The federal opposition finds itself in an awkward position going into 2018 thanks to the union movement’s campaign to ‘convert’ casual workers into permanent employees.
Peak union body, the Australian Council of Trade Unions, said on Wednesday that it wants a much clearer definition in the Fair Work Act of what constitutes a ‘casual’ worker, plus a defined six-month period after which a casual must be offered permanent status by an employer.
The problem is, the ACTU is drawing a confusing line between precariously employed casuals earning 15 to 25 per cent loadings on normal award rates, and “fake casual” contractors or gig-economy workers who can end up working for much lower rates.
“Fake” casuals, as ACTU secretary Sally McManus put it on Wednesday, are told by employers “to go and get an ABN number when they’re actually permanent workers … just to reduce their wages and conditions”.
The non-fake casuals, by contrast, have been a constant feature of the Australian workforce since the early 1990s, representing a remarkably steady one in five jobs, as academics Mark Wooden and Sue Richardson showed last year.
Shadow Employment Minister Brendan O’Connor knows that, hence the awkwardness of trying to craft a message around ‘fake’ casuals, without openly contradicting the ACTU on actual casuals.
Mr O’Connor said on Thursday: “There are people who would want to work in casual work, that’s true. But too often people are working without any minimum hours, they are not able to get a home loan or a car loan because the banks won’t give them a loan because they don’t have any certainty of employment.”
But will the guaranteed offer of a permanent job appeal to many of those workers?
History suggests not. During the mining boom of the mid-2000s, Australia had labour shortages in both the mines and in city jobs vacated by workers heading to the mines – and yet the rate of casual employment didn’t budge at all.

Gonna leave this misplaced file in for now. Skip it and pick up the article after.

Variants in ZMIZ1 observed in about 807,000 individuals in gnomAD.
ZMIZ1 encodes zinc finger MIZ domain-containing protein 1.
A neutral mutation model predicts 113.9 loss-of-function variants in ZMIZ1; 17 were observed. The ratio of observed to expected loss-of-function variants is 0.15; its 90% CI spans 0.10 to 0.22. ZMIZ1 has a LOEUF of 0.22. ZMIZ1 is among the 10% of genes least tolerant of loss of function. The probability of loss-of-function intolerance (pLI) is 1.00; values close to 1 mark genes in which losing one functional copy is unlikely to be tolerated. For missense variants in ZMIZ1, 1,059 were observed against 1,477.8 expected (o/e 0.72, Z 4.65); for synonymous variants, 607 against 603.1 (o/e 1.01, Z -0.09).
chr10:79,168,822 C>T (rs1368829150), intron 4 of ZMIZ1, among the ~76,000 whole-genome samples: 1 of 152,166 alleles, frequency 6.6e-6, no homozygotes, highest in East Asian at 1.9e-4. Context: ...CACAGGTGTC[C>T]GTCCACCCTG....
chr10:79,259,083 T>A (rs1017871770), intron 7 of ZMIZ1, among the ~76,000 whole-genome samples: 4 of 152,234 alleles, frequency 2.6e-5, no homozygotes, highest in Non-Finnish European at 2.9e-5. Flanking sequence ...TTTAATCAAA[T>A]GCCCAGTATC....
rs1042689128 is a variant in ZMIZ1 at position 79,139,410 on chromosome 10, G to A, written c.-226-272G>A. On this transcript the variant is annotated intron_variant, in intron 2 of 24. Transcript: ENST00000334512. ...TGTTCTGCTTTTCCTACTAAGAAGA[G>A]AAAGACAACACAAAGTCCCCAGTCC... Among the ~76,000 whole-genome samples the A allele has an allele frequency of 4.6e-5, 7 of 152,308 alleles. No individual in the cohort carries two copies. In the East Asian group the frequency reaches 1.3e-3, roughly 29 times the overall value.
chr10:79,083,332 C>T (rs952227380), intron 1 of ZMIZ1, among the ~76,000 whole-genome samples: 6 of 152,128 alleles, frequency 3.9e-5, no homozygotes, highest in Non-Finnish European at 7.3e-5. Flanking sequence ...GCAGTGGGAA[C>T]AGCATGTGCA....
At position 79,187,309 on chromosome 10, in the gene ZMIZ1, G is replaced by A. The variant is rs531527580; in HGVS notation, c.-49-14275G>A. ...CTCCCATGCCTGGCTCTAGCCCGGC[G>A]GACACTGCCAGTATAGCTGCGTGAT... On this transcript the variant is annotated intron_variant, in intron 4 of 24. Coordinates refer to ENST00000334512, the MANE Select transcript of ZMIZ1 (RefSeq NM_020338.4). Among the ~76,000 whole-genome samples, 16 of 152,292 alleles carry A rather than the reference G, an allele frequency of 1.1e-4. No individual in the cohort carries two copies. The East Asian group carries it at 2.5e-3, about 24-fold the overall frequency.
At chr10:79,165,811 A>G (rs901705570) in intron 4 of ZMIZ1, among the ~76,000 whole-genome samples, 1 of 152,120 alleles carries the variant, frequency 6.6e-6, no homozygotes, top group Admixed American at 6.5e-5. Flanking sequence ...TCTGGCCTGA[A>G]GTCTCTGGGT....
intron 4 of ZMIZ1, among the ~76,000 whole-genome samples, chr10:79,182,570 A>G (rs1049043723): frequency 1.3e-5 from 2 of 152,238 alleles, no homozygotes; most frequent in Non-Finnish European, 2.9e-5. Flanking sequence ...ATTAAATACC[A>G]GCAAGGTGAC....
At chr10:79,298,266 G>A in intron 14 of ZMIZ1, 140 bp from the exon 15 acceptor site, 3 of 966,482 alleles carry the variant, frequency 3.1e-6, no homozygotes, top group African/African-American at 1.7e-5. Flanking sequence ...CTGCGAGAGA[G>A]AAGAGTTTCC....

The bigger picture
Meanwhile, the Turnbull government would rather not debate the issue at all, especially while incoming jobs minister Michaelia Cash is busy rebranding its ‘jobs and growth’ strategy with the phrase ‘let’s keep Australia working’.
After strong jobs growth in 2017, most of them full-time roles, the last thing the government wants to discuss is the paradoxical problem of flat-lining wages.
But the ‘fake’ side of casualisation is a big part of that paradox, because gig-economy workers and ABN-wielding independent contractors are substantially undermining Australia’s ‘modern awards’ and ‘enterprise bargaining’ wage setting mechanisms.
As Council of Small Business chief executive Peter Strong has told me many times over the years, “when you run your own business there is no minimum wage”.
Neither Labor nor the unions can, or should want to, stop the owner of a corner deli putting in as many hours as they need to in order to break even.
That’s because there is no exploitation or power-imbalance between the worker and employer if they are the same person.
Things are quite different, however, when an individual is part of the gig economy bidding for work online.
As Mr O’Connor notes: “We are seeing digital platforms selling labour … people are being paid in some instances half the minimum wage per hour because of those digital platforms.”
This is one reason the ‘total weekly earnings’, averaged across male and female workers and converted to 2017 dollars in the chart below, has been flat-lining for four years.
Every gig-economy worker or independent contractor that puts in 12 hour days for the equivalent of six hours’ pay has two important effects on the labour market.
Firstly, their ‘client’ is getting double the bang for their buck, and therefore is strongly incentivised to find more such contractors.
Secondly, the worker disappears from unemployment figures and props up the ‘hours worked’ figures, giving a false impression of how many people in Australia have escaped the curse of under-employment.
If Labor has any sense, it will see the bigger threat is not the steady 20 per cent of workers with casual jobs, but the ‘fake casualisation’ eating at the very heart of Australia’s wage-setting system.
That is where the ‘living wage’ is most under threat, and that’s where its policy-making firepower should really be focused.